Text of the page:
A Short Primer on How to Lose Weight – What to Eat and When to Eat by Dr. Fung

Here’s a startling truth. I can make you fat. In fact, it is pretty simple to do. Actually, I can make anybody fat quite easily. How? I simply prescribe insulin injections. Sounds simple, doesn’t it? Well, it is! Giving people extra insulin leads inevitably to weight gain. All that is required is to raise a persons insulin and they will become fat pretty quickly. In type 1 diabetes, when insulin levels are extremely low, patients lose weight no matter how many calories they eat. They can eat and eat all they want and never see the side effects of added weight (even to the extremes where they are eating excessively but rail thin).

So, to summarize, give insulin – gain weight. No insulin – lose weight (even to the point of death which, of course is something all try to avoid). The implication is clear and that is that insulin causes weight gain and thanks to this fact, I know I can make you fat. Knowing this is crucial because if insulin causes weight gain, then losing weight depends upon lowering insulin. Logical right? But instead of taking this fact and running with it, we’ve been told to focus obsessively on calories. If you have ever considered trying to loose weight, you have surely heard this before and almost every diet out there will tell you the same. Why is the focus never on insulin levels?

The standard (and almost always failed) weight loss advice is to restrict a few calories every day by reducing dietary fat and eating multiple times per day. Small meals, less fat, lower calories is suppose to lead to weight loss. Sound familiar? This does not lower insulin much since dietary fat has little insulin effect and eating frequently constantly stimulates insulin secretion which is actually the opposite of what you want if you are looking to lose weight. This ‘caloric reduction as primary’ advice has an estimated failure rate of 99.5%. So, if you have tried calorie restriction to lose weight and failed, understand this. You were expected to fail. You almost had no chance of trying to lose weight in this manner and succeed, unless you are one of those .5% that it did work for but who are we kidding, they probably didn’t lose much weight either unless they made some other life change at the same time.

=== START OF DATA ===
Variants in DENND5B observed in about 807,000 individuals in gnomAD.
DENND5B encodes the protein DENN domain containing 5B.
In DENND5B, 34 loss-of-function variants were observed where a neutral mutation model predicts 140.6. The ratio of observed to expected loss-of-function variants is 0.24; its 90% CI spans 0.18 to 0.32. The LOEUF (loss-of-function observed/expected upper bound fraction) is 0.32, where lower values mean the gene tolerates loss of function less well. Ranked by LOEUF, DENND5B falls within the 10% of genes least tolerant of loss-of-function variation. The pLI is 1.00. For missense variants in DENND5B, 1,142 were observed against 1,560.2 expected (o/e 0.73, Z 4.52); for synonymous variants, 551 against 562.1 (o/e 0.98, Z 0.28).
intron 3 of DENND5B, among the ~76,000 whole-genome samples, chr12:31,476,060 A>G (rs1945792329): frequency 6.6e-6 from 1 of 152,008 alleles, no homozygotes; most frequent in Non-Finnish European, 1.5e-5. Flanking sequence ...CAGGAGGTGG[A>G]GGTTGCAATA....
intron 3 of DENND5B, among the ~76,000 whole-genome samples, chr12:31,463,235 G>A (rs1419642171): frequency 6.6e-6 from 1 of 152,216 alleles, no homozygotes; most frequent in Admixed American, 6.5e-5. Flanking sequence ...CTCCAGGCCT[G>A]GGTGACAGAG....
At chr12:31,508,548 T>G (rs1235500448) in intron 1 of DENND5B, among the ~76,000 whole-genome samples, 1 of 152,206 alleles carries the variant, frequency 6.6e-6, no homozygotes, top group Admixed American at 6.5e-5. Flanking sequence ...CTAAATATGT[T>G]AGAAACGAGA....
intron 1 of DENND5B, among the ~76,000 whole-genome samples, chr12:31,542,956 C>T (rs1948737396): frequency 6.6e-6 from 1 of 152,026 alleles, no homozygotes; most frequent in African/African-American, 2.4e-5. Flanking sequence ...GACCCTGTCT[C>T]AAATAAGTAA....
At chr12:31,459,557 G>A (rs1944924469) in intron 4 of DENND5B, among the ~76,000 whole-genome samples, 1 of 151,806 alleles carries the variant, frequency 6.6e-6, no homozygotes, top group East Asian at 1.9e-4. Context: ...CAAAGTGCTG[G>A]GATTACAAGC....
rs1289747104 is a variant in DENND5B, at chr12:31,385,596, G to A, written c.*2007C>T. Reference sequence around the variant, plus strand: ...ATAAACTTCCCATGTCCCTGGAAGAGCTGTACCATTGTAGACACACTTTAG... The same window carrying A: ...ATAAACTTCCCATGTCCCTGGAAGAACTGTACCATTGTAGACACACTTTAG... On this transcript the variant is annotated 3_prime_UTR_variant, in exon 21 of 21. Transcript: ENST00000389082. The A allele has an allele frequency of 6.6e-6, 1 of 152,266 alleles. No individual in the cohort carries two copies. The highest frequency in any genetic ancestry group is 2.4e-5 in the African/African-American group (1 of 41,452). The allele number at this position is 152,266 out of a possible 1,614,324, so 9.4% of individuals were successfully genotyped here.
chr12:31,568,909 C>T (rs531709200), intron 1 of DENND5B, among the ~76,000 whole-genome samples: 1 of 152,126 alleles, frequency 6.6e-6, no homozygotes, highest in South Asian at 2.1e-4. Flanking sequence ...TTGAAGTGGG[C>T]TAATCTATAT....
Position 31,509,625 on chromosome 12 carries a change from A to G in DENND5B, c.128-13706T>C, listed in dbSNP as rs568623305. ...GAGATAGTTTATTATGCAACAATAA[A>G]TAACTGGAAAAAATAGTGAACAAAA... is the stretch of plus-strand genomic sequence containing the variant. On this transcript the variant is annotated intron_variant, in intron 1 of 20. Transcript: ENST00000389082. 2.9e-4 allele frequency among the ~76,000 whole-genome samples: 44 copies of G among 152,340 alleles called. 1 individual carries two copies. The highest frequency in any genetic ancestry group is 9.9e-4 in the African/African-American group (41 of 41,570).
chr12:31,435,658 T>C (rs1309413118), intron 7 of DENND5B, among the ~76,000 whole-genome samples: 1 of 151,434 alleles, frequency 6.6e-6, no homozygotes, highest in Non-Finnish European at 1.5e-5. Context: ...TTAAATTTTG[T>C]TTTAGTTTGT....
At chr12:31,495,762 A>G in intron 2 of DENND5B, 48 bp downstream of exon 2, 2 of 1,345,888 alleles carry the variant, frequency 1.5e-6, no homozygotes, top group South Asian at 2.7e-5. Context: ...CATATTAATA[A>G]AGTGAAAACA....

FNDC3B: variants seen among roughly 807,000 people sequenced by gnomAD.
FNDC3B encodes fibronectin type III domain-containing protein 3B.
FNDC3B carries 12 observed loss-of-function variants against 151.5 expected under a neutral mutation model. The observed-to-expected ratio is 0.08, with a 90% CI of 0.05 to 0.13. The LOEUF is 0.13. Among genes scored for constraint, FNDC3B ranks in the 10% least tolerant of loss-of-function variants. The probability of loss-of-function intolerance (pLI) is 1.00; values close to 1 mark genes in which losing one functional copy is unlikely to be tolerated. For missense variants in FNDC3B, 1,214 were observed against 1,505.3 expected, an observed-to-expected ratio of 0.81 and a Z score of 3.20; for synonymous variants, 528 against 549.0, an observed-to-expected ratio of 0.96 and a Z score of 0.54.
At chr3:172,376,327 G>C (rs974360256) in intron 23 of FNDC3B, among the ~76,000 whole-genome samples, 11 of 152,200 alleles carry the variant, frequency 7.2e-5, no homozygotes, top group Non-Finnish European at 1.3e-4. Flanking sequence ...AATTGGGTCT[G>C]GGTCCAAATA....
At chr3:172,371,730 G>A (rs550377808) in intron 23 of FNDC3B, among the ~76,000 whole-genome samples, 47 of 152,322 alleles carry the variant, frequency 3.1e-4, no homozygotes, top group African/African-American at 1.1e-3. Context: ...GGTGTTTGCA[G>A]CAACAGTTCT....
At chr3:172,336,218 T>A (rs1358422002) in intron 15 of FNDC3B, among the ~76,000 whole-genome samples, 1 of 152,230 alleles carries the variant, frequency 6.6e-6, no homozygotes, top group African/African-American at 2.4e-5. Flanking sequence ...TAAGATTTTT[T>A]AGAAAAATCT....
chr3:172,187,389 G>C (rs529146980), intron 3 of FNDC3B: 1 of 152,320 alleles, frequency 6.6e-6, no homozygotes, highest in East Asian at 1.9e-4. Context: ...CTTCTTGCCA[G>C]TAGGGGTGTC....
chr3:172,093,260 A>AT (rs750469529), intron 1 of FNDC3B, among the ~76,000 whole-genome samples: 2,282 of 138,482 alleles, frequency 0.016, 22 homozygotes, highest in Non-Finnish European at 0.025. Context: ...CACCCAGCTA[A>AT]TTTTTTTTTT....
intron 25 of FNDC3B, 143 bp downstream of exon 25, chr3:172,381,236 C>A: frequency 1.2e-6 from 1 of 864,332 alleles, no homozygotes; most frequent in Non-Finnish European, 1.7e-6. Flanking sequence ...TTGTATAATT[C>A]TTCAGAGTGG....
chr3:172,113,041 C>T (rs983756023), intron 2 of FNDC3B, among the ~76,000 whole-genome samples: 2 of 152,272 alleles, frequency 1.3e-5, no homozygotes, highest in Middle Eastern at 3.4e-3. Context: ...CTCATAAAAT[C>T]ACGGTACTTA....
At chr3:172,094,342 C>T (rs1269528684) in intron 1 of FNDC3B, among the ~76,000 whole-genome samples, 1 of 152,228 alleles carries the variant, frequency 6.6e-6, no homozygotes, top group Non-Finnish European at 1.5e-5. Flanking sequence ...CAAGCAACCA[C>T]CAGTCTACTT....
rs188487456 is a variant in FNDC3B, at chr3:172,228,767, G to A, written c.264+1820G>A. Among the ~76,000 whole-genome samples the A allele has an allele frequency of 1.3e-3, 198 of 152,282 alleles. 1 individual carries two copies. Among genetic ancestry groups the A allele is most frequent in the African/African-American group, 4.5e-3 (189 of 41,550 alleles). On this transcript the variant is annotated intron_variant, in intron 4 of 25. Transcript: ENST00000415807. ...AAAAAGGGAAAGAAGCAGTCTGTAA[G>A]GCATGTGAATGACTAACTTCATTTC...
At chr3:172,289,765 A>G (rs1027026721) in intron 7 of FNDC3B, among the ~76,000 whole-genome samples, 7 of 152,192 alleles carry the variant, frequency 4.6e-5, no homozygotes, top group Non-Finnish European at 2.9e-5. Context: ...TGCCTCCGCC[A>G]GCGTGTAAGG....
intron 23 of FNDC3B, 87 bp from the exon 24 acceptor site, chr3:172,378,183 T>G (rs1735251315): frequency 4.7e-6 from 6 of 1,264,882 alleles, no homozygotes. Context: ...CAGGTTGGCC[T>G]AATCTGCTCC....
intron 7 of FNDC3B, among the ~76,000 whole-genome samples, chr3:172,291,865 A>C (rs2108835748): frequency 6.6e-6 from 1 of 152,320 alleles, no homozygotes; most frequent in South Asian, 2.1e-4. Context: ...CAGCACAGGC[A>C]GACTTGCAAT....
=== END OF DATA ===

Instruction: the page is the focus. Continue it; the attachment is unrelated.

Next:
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So here’s the situation. ‘The Man’ tells you that obesity is a caloric balance and that you should eat less and move more. Sounds simple but then ‘The Man’ tells you to eat a low fat diet, and to eat 10 times a day. Sounds a little harder and more of something that would be difficult to follow for an extended period of time. Because of this, this advice fails virtually everybody. And then, to make matters worse, when you fail, ‘The Man’ tells you it’s your own  fault for being such a lazy, weak willed person who can’t stick to a diet or follow simple habit forming instructions. His advice was good, ‘The Man’ tells you. You were just a failure. That’s what ‘The Man’ wants you to believe. But he is wrong and you need to start believing that the advice is wrong, not you.

A good way to look at this caloric misinformation is to imagine we have a classroom of 100 pupils. One of these people fails. When one person out of 100 fails, it’s likely his fault. Maybe he played too many video games or didn’t come to class. Maybe he didn’t study or just wasn’t smart enough to pass the class. Whatever the reason, only on out of 100 failed. But what if 99 students fail? Then it’s not a problem with the students. The problem is with the teacher. In this scenario, this is obvious to us. Everyone fails, the teacher or the class itself is at fault and it is clear. In obesity, the problem of rampant obesity means that it is very obviously not the fault of the people. Too many people are obese and the problem is not the people. The fault lies with the official dietary advice.

Understanding that obesity is a hormonal disorder, not a caloric imbalance (as discussed in our last post) means that we must instead focus on the insulin effect rather than the number of calories to successfully lose weight. Reducing insulin depends mostly upon 2 things:

  1. What you eat
  2. When you eat

We often think and talk about the first problem, but both are equally important in lowering insulin levels. Even if you eat an extremely healthy diet and count every calorie, avoid every fat, and eat clean, the matter of when still applies and needs to be careful taken into consideration.